(Note: If you don’t know, “Michael Jackson’s This Is It” is a collection of footage shot on the set of a tour that Michael was preparing for just before his death.)
In my life long quest to always be a contrarian, there have been a few times when I just couldn’t make myself stay away from something. “Napoleon Dynamite” is a great example. “Dynamite” got so popular so fast that I absolutely refused to see it and called everyone who did see it a sheep. But curiosity got the better of me and I eventually rented it, loved it, and secretly hate myself every time I watch and enjoy the Jamiroquai “Canned Heat” scene. But what the heck am I going to do? You can’t fight a power like “Napoleon.” So I sacrifice my integrity and reference Uncle Rico whenever the opportunity presents itself.
To be honest, my “This Has Become So Popular That I May Have to Abandon It” meter is going crazy with this Michael Jackson business. I just haven’t been able to follow through. It’s like Spiderman feeling his Spidey-sense going street rat crazy, knowing that The Green Goblin is standing right behind him with an arm full of pumpkin bombs, and doing nothing to stop him. (Nerds unite!) I know, I know, Michael was always insanely popular. But not Death Popular. Death Popular is a whole different kind of thing. Death Popular allows people to do things like sell Rest In Peace t-shirts at Walmart, print the person’s likeness on a backpack, and put out movies about said dead person in hasty fashion. Usually Death Popular sends me running away from the person’s legacy like Will Ferrell streaking through the quad. It took me 10 years to get back on board with Nirvana after Kurt Cobain’s death and I stinking LOVED Nirvana.
Suffice it to say, it was a weird place I found myself in as the credits rolled for “Michael Jackson’s This Is It.” I kind of hated myself for following along with approximately 50 million people who watched this movie over the last week. But there I sat, having been riveted by what the last two hours brought to the screen.
“This Is It” is an incredible look into the mind of a legend that I don’t think anyone really understood. Here’s this guy who absolutely captivated the freaking world for 40 years but he was such a weirdo that most of us aren’t sure how to handle his legacy. On the one hand he was possibly if not probably the greatest entertainer the world has ever seen. His genius is undeniable even to a wannabe writer who knows nothing about dance. On the other hand, you get the feeling that you are watching a man who is only a man in the physical sense. His actions here are often that of a 7 year old child. He says things that are educated in a sense but come across as so infantile that I seriously have to remind myself that it was Michael Jackson speaking, not a kid saying a prayer during an Upward flag football practice. At one point during rehearsals for “Beat It” he literally lays stomach-down on the ground and pounds his fists and stomps his feet like a kid throwing a temper tantrum.
The choreography and the artistry displayed here are, obviously, amazing. The precision with which the man worked is something special and even the band and members of the crew comment on how rare it is for an artist of Jackson’s caliber to really care about the tiny details of a tour. Each segment of the film covers a different Jackson song and each one is engrossing. The arrangement on “The Way You Make Me Feel” (possibly my favorite Jackson cut) is incredible. There is a “Bad/They Don’t Really Care About Us” medley that, when combined with the green screen effects that were planned, delivers on an extremely high level. You get the feeling that this tour was going to bring things to the stage that we’ve never seen before.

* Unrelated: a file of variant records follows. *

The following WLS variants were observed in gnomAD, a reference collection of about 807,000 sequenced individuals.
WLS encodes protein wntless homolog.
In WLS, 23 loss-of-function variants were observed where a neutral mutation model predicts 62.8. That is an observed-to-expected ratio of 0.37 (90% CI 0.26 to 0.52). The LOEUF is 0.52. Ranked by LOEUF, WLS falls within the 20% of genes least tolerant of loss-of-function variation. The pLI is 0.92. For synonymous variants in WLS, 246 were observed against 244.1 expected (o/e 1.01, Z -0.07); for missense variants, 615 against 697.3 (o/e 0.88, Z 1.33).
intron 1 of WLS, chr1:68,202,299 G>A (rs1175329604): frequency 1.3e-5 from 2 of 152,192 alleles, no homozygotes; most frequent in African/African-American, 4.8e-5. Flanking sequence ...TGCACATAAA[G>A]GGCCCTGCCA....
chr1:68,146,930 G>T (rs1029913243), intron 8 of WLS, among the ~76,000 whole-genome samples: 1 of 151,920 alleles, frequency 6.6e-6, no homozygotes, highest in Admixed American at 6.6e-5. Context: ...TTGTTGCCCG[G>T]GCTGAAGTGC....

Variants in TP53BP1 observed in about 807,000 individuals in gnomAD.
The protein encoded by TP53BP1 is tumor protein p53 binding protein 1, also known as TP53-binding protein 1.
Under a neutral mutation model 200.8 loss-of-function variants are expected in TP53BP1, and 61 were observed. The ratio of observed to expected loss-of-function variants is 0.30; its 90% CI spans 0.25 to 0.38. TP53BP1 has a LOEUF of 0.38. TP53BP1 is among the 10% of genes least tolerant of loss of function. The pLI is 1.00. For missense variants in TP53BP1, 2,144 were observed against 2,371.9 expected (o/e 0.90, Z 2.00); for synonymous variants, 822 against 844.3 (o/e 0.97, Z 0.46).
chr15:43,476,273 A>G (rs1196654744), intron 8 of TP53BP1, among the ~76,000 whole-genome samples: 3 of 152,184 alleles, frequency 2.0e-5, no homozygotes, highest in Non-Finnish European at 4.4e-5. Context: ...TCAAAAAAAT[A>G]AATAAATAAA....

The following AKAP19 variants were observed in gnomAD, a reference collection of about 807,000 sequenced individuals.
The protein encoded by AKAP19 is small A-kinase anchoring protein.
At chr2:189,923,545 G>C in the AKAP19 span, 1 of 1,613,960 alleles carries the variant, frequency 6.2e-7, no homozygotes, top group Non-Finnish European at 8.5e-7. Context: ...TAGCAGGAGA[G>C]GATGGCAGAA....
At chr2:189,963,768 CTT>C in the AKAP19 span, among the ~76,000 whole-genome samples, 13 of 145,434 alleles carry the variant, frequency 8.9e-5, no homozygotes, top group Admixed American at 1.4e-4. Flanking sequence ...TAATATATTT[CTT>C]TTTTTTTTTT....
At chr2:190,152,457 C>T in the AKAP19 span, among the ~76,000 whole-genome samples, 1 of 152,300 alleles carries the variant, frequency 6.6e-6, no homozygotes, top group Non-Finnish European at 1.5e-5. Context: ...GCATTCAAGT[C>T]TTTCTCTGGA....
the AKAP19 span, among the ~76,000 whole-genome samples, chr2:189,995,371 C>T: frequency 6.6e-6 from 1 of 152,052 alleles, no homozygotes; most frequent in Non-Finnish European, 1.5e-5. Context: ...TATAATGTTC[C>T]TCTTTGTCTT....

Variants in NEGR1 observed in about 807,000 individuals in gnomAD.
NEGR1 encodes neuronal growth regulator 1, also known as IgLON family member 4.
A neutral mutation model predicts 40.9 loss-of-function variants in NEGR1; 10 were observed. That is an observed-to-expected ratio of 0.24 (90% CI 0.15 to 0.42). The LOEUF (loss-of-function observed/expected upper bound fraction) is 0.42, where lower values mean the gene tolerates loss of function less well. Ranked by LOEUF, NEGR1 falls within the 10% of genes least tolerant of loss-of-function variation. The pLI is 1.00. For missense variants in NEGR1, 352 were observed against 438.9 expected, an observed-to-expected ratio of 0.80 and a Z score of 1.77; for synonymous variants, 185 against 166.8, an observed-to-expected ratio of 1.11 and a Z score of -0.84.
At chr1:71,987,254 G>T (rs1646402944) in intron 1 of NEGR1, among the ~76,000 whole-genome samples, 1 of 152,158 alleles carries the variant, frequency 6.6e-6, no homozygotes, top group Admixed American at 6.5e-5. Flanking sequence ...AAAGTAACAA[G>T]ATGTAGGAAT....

At the same time, this film shows Jackson in a much more vulnerable state than normal. He knew the cameras were rolling but this wasn’t intended to be a public release until the Death Popularity kicked in. Because of this, you see some of the weirder aspects of the man. He looks so incredibly frail and sickly and yet it doesn’t seem to affect what he puts into the performance. A couple of the song segments and the videos that were being worked into them were just weird and you knew it had to be Michael’s brainchild. The man is wearing a Popeye t-shirt for about a third of the shots. Seeing as I still wear a “Goonies” shirt every once in a while, maybe I shouldn’t find this weird...But no, it’s weird for a megajillionaire to be wearing a Popeye shirt. And yet he was still brilliant to the very end.
“This Is It” is a strange film to watch. Lindsey said she had to fight back tears for the first 20 minutes and I totally get that. There are three dozen people shown in these tapes, all of whom put months of their time into making this the greatest show the world has ever seen, but they, like the rest of Michael’s fans, will never see it come to fruition. I’m personally bummed that another one of my top five “I Would Pay Just About Anything to See Them in Concert” performers (along with Zeppelin, The Eagles, Nirvana, and (gulp) Garth Brooks) will never happen. Yet it is so cool to see the King of Pop getting ready to do what he did best, which was completely fascinate his fans. As the opening credits told me, “This Is It” is much less a tribute to the man and more a tribute to his fans. And a solid tribute it is. A-.
I bet you I can throw a football over them mountains,